Buckle up because New York Times best-selling author Rachel Howzell Hall is going to take you for a wild ride with her latest thriller, What Never HappenedThe story revolves around Colette “Coco” Weber, who was busy getting into trouble while her family was being murdered. Perpetually guilt-ridden, she returns to the scene of the crime twenty years later and soon begins to suspect there’s still a lot to discover about the deadly attack on her family.

Amy Wilhelm: How does Colette’s survivor’s guilt affect her current life and relationships?

Rachel Howzell Hall: She can’t forgive herself for going out with people who didn’t ultimately matter on the night of that home invasion. Lonely, she latched onto a marriage with the wrong person–but it had promised stability. She doesn’t have many close friends because she can’t trust people, nor does she want to become close to someone who may be taken away from her. She’s in pain. But this pain and guilt pushed her to become a gifted obituary writer committed to writing meaningful stories about the dead.

AW: Even under better circumstances, returning to one’s childhood home can be emotional. Why does Coco put herself in this challenging position?

RHH: Need drives her back to Catalina Island. She needs a new place to live after her breakup with her partner. She needs to reclaim the house that belonged to her family. She needs to run away from the difficulties she’s facing–from the breakup with Micah but also, being laid off and having no income. She needs to take care of her aging aunt, who is now suffering from the early signs of dementia. Ultimately, she needs to stop running away from her problems and truly heal from what happened to her family (and to her) two decades ago.

AW: Coco isn’t always sure she can trust her memory or perspective on the tragic event that changed her life forever. How does this uncertainty play out?

RHH: Because of this mistrust and perspective, Coco is rarely confident that her decisions and reactions are grounded in truth. Her interactions with her aunt tend to be strained–she doesn’t want to sound harsh to Aunt Gwen, who took care of her after the home invasion. Fear, gratefulness and guilt have kept Coco from being firm. She doesn’t fully trust her heart–her relationship with Micah is strained because deep down in her heart, she doesn’t love him but has a fear of being left alone again. While on the island, she knows that she’s an outsider, so naturally, she doesn’t know life here. Sands shift all around her, so she can’t trust that her footing is as sure as it should be. She can never relax because there’s really been no closure for her after that home invasion–she thought she was safe back then, too, and that turned out to not be true.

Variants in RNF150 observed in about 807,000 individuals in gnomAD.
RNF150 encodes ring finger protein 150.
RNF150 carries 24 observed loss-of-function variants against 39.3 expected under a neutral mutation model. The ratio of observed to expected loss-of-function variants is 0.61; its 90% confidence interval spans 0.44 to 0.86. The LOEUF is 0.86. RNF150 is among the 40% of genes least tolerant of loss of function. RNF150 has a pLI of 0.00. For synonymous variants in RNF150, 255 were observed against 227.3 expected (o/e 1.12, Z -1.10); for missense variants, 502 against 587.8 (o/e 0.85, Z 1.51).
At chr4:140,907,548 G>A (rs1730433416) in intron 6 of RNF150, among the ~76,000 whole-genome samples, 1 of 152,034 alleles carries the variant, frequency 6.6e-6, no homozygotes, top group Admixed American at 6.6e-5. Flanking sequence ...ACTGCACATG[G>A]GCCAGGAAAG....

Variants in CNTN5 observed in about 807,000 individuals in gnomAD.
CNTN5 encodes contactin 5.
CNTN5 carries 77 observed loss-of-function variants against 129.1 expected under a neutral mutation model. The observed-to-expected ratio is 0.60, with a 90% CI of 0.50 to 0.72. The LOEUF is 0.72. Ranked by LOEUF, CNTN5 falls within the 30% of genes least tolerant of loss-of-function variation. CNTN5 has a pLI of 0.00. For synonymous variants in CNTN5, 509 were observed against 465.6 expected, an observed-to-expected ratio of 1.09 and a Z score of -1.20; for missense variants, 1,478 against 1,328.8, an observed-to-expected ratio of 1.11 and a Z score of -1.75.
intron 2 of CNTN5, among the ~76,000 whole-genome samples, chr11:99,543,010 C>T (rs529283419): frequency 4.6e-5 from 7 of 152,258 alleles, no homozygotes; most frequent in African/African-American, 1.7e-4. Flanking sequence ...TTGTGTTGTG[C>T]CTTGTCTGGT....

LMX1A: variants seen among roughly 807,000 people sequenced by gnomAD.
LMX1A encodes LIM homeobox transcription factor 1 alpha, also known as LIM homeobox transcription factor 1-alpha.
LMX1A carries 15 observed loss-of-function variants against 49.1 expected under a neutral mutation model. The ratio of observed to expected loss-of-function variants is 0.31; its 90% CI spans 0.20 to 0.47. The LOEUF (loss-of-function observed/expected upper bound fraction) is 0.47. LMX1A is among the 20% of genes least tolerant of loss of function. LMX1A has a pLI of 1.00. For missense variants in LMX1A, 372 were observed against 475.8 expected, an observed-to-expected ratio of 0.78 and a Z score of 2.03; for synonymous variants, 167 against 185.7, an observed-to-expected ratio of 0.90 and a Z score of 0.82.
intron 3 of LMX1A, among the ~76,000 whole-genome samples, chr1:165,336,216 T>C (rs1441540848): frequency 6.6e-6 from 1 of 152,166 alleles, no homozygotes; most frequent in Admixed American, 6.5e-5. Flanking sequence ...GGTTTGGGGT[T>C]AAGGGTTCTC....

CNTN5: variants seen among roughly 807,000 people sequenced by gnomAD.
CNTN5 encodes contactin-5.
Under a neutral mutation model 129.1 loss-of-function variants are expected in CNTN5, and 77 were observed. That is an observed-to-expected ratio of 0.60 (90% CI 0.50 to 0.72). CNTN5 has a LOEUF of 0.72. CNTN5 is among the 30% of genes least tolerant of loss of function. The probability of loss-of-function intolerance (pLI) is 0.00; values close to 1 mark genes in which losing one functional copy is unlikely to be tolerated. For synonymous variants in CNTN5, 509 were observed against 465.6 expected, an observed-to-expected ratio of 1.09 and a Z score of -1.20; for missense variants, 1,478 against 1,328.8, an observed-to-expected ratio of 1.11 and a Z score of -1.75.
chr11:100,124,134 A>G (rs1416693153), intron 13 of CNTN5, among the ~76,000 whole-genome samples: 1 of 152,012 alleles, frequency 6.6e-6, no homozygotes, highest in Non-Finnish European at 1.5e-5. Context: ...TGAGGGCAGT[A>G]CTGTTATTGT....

AW: The wrong person was convicted of murdering Coco’s family. What emotional effect does this have on her, and how does it impact how she goes forward?

RHH: It’s that inability to trust herself and her perspective. If she (and the legal system) can be wrong about this, what else could she be wrong about? Maybe she’s made too many mistakes on motives and bad guys–the wrongful conviction has proven that. And since the real killer is still out there, she can’t breathe, fearing that she’s become a target once again. Catalina Island is already so different than Los Angeles, but now it’s possibly hosting the real murderer. This means Coco is constantly looking over her shoulder, constantly wondering if the monster is someone close to her.

AW: It seems like the only one Coco can trust to take the current slew of deaths on Catalina Island seriously is herself. Unfortunately, it’s remarkably easy to believe that authorities might be willing to overlook the unusual circumstances just to keep from stirring things up in an unpopular way. What inspired this aspect of your story?

RHH: I wanted to tell another locked-room story but on an island that’s very close to Los Angeles, but in many ways, worlds away. And since we were all going through COVID, I wanted even more isolation. Bad things were happening to people during this time–and not just getting sick themselves. Villains were using the cloak of isolation to hurt people. Villains were using the pandemic as a cover-up for murder. So combine all of that, and voila! What Never Happened!

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